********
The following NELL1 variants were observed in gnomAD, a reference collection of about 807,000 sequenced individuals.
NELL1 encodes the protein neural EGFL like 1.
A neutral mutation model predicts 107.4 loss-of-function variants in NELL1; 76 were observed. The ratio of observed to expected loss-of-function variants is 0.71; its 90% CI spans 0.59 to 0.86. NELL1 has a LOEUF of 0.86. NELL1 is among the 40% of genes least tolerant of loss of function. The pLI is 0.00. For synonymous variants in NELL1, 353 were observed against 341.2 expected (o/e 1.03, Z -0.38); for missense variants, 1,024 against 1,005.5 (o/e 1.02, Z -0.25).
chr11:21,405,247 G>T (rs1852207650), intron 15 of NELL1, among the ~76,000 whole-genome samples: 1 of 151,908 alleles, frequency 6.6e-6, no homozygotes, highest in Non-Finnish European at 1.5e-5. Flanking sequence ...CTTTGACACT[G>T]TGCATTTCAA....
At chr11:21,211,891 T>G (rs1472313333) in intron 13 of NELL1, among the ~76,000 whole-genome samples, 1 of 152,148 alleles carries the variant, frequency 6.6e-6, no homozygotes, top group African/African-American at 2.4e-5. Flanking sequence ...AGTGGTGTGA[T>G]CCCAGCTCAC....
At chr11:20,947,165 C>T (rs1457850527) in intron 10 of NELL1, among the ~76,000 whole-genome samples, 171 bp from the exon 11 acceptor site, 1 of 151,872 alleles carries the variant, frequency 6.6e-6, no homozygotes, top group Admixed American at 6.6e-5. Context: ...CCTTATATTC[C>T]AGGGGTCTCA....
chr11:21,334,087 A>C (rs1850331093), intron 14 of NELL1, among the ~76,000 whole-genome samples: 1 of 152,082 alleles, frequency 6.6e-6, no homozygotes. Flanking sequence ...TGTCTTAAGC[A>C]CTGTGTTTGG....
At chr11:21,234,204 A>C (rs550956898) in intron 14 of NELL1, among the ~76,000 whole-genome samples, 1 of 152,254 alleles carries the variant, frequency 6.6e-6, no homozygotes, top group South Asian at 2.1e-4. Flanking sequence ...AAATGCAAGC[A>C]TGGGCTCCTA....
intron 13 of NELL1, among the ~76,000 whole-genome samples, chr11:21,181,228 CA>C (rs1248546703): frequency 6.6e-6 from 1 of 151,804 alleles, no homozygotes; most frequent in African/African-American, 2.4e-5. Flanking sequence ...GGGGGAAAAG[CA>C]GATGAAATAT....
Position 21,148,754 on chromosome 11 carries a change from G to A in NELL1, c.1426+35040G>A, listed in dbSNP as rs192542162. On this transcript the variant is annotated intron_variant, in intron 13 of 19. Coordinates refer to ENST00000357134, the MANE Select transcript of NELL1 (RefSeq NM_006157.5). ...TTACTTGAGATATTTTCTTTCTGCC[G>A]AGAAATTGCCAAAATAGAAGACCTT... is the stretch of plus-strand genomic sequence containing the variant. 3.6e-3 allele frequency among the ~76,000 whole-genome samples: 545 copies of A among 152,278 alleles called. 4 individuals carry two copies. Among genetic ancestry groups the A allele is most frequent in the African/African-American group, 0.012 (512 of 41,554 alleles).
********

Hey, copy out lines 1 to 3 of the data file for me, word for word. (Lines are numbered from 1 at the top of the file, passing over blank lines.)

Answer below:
The following NELL1 variants were observed in gnomAD, a reference collection of about 807,000 sequenced individuals.
NELL1 encodes the protein neural EGFL like 1.
A neutral mutation model predicts 107.4 loss-of-function variants in NELL1; 76 were observed. The ratio of observed to expected loss-of-function variants is 0.71; its 90% CI spans 0.59 to 0.86. NELL1 has a LOEUF of 0.86. NELL1 is among the 40% of genes least tolerant of loss of function. The pLI is 0.00. For synonymous variants in NELL1, 353 were observed against 341.2 expected (o/e 1.03, Z -0.38); for missense variants, 1,024 against 1,005.5 (o/e 1.02, Z -0.25).